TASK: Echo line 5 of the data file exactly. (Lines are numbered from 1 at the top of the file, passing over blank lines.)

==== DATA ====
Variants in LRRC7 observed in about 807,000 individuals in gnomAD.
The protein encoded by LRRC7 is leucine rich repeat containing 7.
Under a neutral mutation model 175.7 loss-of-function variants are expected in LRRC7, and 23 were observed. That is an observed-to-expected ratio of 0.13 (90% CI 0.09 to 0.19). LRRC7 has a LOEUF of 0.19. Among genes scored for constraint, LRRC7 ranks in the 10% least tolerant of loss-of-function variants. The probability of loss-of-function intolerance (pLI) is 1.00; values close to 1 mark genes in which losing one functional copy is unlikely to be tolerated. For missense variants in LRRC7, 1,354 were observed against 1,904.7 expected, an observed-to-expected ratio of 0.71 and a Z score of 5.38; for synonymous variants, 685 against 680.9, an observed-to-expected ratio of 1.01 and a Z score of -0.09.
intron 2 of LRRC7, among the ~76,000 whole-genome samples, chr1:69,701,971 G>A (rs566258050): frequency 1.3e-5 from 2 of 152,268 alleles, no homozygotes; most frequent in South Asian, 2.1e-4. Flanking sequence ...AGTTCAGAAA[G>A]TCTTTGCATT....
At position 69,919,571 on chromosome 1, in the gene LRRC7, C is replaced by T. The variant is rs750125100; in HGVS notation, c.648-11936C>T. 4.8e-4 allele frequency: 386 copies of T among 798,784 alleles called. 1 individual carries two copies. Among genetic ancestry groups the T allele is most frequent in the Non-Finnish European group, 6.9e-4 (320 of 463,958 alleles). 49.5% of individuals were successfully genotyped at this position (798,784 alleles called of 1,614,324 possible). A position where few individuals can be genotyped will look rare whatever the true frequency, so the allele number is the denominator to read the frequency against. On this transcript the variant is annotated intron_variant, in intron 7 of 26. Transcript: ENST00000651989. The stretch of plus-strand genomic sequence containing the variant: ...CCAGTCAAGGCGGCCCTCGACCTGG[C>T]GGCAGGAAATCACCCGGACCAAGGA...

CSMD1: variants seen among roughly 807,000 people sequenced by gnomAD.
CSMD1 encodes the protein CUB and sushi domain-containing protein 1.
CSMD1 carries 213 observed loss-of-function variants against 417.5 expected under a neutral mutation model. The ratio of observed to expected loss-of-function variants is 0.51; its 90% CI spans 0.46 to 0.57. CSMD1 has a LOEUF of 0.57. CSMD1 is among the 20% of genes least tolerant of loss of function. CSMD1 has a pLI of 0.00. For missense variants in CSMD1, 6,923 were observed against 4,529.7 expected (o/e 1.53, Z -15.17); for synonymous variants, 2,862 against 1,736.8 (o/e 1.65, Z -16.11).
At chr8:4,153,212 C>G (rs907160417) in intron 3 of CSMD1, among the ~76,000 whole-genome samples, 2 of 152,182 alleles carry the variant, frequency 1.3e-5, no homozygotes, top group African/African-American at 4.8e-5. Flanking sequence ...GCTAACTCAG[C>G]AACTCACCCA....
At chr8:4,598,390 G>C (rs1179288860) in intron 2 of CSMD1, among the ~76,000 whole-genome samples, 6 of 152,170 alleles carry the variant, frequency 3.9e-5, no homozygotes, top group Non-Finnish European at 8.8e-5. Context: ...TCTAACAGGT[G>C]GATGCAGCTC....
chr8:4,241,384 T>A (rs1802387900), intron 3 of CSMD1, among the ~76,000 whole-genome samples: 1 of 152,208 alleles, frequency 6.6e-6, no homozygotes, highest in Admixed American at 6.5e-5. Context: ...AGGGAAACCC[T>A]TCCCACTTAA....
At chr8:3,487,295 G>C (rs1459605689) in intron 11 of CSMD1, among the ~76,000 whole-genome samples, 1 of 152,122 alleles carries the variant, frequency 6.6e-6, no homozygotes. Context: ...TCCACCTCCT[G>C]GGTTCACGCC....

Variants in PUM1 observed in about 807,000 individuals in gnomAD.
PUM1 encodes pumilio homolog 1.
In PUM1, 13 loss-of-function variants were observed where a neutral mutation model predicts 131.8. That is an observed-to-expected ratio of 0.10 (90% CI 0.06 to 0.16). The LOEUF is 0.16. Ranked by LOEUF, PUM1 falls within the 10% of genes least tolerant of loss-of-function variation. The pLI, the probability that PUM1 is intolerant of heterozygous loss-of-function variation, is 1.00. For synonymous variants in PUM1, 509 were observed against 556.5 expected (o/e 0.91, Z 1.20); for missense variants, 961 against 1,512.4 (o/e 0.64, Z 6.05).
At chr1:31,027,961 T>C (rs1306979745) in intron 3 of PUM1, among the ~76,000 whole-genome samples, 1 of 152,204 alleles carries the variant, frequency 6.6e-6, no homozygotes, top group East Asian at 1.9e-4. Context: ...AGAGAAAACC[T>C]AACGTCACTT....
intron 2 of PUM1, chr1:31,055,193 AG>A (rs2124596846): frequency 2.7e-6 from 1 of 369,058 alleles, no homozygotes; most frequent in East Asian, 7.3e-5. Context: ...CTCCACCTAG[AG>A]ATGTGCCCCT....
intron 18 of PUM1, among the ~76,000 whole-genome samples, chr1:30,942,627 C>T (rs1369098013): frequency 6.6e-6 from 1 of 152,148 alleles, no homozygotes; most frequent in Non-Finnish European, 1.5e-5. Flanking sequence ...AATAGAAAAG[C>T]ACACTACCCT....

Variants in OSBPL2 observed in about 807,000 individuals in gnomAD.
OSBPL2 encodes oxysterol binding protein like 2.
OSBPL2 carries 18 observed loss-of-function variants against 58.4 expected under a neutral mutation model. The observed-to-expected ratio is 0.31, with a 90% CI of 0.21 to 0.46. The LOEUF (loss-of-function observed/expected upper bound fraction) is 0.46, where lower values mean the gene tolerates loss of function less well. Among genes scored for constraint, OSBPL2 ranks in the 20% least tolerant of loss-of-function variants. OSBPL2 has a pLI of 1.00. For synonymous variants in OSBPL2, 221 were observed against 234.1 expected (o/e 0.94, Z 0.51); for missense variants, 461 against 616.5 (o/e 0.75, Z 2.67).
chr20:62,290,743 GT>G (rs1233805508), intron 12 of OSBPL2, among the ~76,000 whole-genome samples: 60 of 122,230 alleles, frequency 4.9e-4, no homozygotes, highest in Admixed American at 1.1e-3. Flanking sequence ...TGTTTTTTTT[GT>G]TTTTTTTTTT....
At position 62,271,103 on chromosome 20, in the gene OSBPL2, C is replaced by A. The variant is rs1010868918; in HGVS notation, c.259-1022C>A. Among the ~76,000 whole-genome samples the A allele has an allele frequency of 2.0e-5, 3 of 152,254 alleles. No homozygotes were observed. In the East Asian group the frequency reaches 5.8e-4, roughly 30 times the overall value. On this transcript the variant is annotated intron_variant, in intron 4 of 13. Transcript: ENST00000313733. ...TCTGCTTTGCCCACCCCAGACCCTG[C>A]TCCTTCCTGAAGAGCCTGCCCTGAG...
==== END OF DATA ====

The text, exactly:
At position 69,919,571 on chromosome 1, in the gene LRRC7, C is replaced by T. The variant is rs750125100; in HGVS notation, c.648-11936C>T. 4.8e-4 allele frequency: 386 copies of T among 798,784 alleles called. 1 individual carries two copies. Among genetic ancestry groups the T allele is most frequent in the Non-Finnish European group, 6.9e-4 (320 of 463,958 alleles). 49.5% of individuals were successfully genotyped at this position (798,784 alleles called of 1,614,324 possible). A position where few individuals can be genotyped will look rare whatever the true frequency, so the allele number is the denominator to read the frequency against. On this transcript the variant is annotated intron_variant, in intron 7 of 26. Transcript: ENST00000651989. The stretch of plus-strand genomic sequence containing the variant: ...CCAGTCAAGGCGGCCCTCGACCTGG[C>T]GGCAGGAAATCACCCGGACCAAGGA...